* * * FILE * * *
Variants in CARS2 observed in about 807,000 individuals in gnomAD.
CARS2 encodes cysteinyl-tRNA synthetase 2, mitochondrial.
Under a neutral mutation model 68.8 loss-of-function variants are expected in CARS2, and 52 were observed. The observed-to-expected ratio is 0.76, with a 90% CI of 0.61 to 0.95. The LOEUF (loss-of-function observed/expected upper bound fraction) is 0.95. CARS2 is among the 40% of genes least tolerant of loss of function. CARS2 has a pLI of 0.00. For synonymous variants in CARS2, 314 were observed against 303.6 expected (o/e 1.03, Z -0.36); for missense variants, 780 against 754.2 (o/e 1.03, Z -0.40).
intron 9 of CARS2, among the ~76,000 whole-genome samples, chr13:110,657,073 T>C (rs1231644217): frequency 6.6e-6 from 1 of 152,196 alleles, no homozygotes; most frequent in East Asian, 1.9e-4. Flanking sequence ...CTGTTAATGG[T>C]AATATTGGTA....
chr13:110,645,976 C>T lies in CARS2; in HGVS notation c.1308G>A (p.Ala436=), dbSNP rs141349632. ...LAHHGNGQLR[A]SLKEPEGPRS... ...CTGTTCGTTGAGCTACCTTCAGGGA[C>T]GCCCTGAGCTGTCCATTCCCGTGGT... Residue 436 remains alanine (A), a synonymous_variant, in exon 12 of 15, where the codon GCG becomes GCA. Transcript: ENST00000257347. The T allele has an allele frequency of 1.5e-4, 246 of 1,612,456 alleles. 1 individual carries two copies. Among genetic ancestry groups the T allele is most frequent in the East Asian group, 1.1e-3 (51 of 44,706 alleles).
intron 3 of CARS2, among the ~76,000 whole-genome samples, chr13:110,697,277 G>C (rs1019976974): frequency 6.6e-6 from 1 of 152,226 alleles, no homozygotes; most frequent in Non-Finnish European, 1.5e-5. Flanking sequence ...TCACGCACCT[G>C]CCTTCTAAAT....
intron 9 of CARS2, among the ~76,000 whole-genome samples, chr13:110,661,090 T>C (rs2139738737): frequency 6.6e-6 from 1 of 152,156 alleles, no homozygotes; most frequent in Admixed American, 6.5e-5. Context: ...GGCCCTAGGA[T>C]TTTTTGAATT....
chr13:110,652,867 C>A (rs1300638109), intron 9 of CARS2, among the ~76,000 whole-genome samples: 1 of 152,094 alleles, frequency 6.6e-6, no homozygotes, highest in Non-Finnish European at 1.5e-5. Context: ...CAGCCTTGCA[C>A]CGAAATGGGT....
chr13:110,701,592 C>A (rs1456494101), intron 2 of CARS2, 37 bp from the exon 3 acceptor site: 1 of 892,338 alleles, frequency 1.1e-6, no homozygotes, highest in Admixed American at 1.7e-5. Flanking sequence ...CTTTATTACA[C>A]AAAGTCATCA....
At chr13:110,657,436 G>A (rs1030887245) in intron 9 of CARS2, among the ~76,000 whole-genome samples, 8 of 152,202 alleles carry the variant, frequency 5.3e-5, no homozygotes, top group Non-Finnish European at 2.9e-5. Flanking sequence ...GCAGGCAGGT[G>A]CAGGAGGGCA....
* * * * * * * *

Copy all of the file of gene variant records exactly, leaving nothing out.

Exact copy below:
Variants in CARS2 observed in about 807,000 individuals in gnomAD.
CARS2 encodes cysteinyl-tRNA synthetase 2, mitochondrial.
Under a neutral mutation model 68.8 loss-of-function variants are expected in CARS2, and 52 were observed. The observed-to-expected ratio is 0.76, with a 90% CI of 0.61 to 0.95. The LOEUF (loss-of-function observed/expected upper bound fraction) is 0.95. CARS2 is among the 40% of genes least tolerant of loss of function. CARS2 has a pLI of 0.00. For synonymous variants in CARS2, 314 were observed against 303.6 expected (o/e 1.03, Z -0.36); for missense variants, 780 against 754.2 (o/e 1.03, Z -0.40).
intron 9 of CARS2, among the ~76,000 whole-genome samples, chr13:110,657,073 T>C (rs1231644217): frequency 6.6e-6 from 1 of 152,196 alleles, no homozygotes; most frequent in East Asian, 1.9e-4. Flanking sequence ...CTGTTAATGG[T>C]AATATTGGTA....
chr13:110,645,976 C>T lies in CARS2; in HGVS notation c.1308G>A (p.Ala436=), dbSNP rs141349632. ...LAHHGNGQLR[A]SLKEPEGPRS... ...CTGTTCGTTGAGCTACCTTCAGGGA[C>T]GCCCTGAGCTGTCCATTCCCGTGGT... Residue 436 remains alanine (A), a synonymous_variant, in exon 12 of 15, where the codon GCG becomes GCA. Transcript: ENST00000257347. The T allele has an allele frequency of 1.5e-4, 246 of 1,612,456 alleles. 1 individual carries two copies. Among genetic ancestry groups the T allele is most frequent in the East Asian group, 1.1e-3 (51 of 44,706 alleles).
intron 3 of CARS2, among the ~76,000 whole-genome samples, chr13:110,697,277 G>C (rs1019976974): frequency 6.6e-6 from 1 of 152,226 alleles, no homozygotes; most frequent in Non-Finnish European, 1.5e-5. Flanking sequence ...TCACGCACCT[G>C]CCTTCTAAAT....
intron 9 of CARS2, among the ~76,000 whole-genome samples, chr13:110,661,090 T>C (rs2139738737): frequency 6.6e-6 from 1 of 152,156 alleles, no homozygotes; most frequent in Admixed American, 6.5e-5. Context: ...GGCCCTAGGA[T>C]TTTTTGAATT....
chr13:110,652,867 C>A (rs1300638109), intron 9 of CARS2, among the ~76,000 whole-genome samples: 1 of 152,094 alleles, frequency 6.6e-6, no homozygotes, highest in Non-Finnish European at 1.5e-5. Context: ...CAGCCTTGCA[C>A]CGAAATGGGT....
chr13:110,701,592 C>A (rs1456494101), intron 2 of CARS2, 37 bp from the exon 3 acceptor site: 1 of 892,338 alleles, frequency 1.1e-6, no homozygotes, highest in Admixed American at 1.7e-5. Flanking sequence ...CTTTATTACA[C>A]AAAGTCATCA....
At chr13:110,657,436 G>A (rs1030887245) in intron 9 of CARS2, among the ~76,000 whole-genome samples, 8 of 152,202 alleles carry the variant, frequency 5.3e-5, no homozygotes, top group Non-Finnish European at 2.9e-5. Flanking sequence ...GCAGGCAGGT[G>A]CAGGAGGGCA....